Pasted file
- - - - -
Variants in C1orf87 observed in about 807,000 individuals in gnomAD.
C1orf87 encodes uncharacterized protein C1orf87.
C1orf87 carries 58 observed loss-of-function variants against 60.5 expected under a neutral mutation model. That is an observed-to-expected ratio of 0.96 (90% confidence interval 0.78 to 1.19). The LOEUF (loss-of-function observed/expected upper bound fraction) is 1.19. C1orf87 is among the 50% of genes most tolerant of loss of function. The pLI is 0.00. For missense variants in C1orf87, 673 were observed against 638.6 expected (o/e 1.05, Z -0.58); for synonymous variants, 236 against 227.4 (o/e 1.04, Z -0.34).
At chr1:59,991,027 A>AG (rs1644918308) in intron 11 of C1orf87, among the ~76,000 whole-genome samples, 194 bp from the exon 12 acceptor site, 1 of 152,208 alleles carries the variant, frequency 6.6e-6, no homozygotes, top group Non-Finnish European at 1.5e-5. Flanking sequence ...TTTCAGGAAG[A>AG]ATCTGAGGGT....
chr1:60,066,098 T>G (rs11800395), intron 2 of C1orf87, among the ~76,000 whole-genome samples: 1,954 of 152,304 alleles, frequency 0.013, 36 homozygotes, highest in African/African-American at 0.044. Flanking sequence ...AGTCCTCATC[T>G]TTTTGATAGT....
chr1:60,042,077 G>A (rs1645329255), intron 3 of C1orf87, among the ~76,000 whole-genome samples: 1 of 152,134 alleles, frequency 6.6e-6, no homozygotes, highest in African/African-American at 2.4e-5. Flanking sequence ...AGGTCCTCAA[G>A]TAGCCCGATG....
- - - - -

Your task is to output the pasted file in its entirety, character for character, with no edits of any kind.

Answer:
Variants in C1orf87 observed in about 807,000 individuals in gnomAD.
C1orf87 encodes uncharacterized protein C1orf87.
C1orf87 carries 58 observed loss-of-function variants against 60.5 expected under a neutral mutation model. That is an observed-to-expected ratio of 0.96 (90% confidence interval 0.78 to 1.19). The LOEUF (loss-of-function observed/expected upper bound fraction) is 1.19. C1orf87 is among the 50% of genes most tolerant of loss of function. The pLI is 0.00. For missense variants in C1orf87, 673 were observed against 638.6 expected (o/e 1.05, Z -0.58); for synonymous variants, 236 against 227.4 (o/e 1.04, Z -0.34).
At chr1:59,991,027 A>AG (rs1644918308) in intron 11 of C1orf87, among the ~76,000 whole-genome samples, 194 bp from the exon 12 acceptor site, 1 of 152,208 alleles carries the variant, frequency 6.6e-6, no homozygotes, top group Non-Finnish European at 1.5e-5. Flanking sequence ...TTTCAGGAAG[A>AG]ATCTGAGGGT....
chr1:60,066,098 T>G (rs11800395), intron 2 of C1orf87, among the ~76,000 whole-genome samples: 1,954 of 152,304 alleles, frequency 0.013, 36 homozygotes, highest in African/African-American at 0.044. Flanking sequence ...AGTCCTCATC[T>G]TTTTGATAGT....
chr1:60,042,077 G>A (rs1645329255), intron 3 of C1orf87, among the ~76,000 whole-genome samples: 1 of 152,134 alleles, frequency 6.6e-6, no homozygotes, highest in African/African-American at 2.4e-5. Flanking sequence ...AGGTCCTCAA[G>A]TAGCCCGATG....